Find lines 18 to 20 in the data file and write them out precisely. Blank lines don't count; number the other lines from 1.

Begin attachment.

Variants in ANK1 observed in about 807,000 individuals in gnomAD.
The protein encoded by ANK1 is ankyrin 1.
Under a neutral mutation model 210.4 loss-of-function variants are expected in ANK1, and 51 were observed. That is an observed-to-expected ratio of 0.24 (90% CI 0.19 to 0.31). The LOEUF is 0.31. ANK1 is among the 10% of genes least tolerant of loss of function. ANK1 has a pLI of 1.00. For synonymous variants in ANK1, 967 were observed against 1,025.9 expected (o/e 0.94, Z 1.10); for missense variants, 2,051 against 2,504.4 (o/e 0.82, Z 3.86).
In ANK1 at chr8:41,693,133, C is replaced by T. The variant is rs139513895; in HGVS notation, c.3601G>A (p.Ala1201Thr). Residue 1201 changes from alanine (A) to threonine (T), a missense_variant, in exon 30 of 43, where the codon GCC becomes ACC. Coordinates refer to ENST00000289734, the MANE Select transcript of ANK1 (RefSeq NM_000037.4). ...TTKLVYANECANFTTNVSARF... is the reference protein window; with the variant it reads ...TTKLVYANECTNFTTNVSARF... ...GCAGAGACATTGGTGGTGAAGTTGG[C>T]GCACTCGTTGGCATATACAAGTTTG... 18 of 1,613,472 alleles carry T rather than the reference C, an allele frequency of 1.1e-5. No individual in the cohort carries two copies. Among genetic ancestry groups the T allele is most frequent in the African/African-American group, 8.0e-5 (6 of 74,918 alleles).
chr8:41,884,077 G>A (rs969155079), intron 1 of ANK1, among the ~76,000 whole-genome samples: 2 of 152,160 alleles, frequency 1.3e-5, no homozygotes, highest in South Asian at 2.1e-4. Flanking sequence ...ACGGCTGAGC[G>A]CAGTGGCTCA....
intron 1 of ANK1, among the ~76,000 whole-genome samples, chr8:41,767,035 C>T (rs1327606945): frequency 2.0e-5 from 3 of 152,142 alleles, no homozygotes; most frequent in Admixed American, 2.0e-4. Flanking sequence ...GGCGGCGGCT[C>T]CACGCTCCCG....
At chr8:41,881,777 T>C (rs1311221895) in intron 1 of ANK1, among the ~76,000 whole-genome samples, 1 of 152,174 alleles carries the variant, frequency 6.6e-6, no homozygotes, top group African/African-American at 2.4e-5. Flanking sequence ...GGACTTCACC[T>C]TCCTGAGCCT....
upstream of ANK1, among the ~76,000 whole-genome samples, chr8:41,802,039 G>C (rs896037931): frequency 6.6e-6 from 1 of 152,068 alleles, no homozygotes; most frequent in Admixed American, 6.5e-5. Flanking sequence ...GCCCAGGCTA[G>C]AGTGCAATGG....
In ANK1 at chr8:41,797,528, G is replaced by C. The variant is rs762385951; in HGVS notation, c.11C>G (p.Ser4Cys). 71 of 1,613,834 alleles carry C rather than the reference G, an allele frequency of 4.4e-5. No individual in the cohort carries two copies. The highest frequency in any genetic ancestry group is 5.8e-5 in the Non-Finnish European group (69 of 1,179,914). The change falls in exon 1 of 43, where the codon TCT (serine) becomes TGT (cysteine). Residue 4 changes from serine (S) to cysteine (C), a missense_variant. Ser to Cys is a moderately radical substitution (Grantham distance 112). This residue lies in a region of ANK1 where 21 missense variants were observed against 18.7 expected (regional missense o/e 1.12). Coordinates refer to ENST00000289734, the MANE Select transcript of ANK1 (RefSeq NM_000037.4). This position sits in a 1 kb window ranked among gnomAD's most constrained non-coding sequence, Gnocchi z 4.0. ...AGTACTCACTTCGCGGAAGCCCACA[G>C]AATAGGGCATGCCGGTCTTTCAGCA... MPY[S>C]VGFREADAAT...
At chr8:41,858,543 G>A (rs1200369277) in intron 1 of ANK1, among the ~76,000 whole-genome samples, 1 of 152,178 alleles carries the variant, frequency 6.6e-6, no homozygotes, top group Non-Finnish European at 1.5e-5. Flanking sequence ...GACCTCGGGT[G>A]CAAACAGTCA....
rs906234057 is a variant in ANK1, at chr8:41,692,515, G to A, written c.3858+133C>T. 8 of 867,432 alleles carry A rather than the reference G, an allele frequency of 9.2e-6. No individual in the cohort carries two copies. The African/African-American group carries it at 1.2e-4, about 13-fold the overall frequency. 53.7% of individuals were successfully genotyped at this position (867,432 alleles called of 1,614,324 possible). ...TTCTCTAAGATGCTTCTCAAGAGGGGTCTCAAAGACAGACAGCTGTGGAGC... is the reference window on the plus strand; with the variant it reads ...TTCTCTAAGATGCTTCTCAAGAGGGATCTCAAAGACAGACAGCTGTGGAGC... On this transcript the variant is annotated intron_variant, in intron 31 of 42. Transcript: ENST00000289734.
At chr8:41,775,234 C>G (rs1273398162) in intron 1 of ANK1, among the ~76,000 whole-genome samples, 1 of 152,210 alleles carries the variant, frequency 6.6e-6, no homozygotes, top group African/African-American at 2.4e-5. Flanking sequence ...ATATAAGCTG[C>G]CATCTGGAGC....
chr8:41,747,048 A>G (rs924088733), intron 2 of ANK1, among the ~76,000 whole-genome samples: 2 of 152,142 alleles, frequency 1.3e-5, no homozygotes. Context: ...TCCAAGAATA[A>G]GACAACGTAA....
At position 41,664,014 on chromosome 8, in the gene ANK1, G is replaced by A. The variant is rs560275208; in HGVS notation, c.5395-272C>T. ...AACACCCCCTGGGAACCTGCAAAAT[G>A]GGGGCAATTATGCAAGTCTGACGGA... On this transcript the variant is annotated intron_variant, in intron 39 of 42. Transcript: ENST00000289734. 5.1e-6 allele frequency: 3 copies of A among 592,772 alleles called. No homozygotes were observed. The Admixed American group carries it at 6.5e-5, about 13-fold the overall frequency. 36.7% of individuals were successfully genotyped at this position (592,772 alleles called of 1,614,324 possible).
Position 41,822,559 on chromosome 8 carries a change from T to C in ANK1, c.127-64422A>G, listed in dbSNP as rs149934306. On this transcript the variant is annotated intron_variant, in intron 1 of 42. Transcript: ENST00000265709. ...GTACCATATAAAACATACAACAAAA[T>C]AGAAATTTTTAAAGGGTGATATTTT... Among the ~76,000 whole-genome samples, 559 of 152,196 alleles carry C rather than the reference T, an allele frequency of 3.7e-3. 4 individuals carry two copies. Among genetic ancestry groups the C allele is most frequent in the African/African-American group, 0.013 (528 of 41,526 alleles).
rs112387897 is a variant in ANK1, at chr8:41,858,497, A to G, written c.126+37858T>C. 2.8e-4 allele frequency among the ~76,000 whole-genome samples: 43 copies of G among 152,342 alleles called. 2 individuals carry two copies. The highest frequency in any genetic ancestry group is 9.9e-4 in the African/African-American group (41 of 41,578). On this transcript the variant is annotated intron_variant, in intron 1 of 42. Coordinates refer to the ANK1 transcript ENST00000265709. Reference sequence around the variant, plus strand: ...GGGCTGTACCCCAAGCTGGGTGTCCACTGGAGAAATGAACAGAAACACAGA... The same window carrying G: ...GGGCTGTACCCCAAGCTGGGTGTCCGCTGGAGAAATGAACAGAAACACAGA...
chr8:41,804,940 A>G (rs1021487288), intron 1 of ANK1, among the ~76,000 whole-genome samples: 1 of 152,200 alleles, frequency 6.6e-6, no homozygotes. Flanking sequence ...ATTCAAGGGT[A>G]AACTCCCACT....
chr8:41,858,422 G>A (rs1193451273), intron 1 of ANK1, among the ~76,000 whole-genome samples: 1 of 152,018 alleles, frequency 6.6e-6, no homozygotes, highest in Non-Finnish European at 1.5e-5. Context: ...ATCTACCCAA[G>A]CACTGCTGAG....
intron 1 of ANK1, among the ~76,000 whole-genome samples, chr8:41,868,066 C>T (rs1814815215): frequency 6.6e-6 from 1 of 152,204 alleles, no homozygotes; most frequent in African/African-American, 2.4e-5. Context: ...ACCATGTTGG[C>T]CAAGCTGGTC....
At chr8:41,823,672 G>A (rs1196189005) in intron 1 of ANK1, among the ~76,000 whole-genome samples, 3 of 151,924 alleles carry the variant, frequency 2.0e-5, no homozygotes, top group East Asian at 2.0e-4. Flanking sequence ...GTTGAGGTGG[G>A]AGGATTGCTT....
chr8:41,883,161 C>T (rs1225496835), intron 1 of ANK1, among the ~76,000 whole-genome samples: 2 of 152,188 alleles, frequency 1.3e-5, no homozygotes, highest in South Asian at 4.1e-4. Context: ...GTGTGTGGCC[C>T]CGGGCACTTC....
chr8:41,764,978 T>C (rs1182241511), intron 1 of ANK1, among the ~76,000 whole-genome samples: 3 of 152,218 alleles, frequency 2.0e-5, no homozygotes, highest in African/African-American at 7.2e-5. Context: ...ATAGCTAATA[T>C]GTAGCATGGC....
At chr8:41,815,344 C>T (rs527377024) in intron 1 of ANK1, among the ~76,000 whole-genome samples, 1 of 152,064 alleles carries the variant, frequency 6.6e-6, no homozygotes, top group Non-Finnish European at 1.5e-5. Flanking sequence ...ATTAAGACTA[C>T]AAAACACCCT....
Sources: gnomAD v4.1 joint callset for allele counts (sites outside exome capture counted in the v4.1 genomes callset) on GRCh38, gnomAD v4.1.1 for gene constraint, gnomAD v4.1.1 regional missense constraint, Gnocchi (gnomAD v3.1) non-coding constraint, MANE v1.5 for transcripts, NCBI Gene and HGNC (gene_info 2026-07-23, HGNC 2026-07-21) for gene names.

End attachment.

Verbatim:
chr8:41,858,422 G>A (rs1193451273), intron 1 of ANK1, among the ~76,000 whole-genome samples: 1 of 152,018 alleles, frequency 6.6e-6, no homozygotes, highest in Non-Finnish European at 1.5e-5. Context: ...ATCTACCCAA[G>A]CACTGCTGAG....
intron 1 of ANK1, among the ~76,000 whole-genome samples, chr8:41,868,066 C>T (rs1814815215): frequency 6.6e-6 from 1 of 152,204 alleles, no homozygotes; most frequent in African/African-American, 2.4e-5. Context: ...ACCATGTTGG[C>T]CAAGCTGGTC....
At chr8:41,823,672 G>A (rs1196189005) in intron 1 of ANK1, among the ~76,000 whole-genome samples, 3 of 151,924 alleles carry the variant, frequency 2.0e-5, no homozygotes, top group East Asian at 2.0e-4. Flanking sequence ...GTTGAGGTGG[G>A]AGGATTGCTT....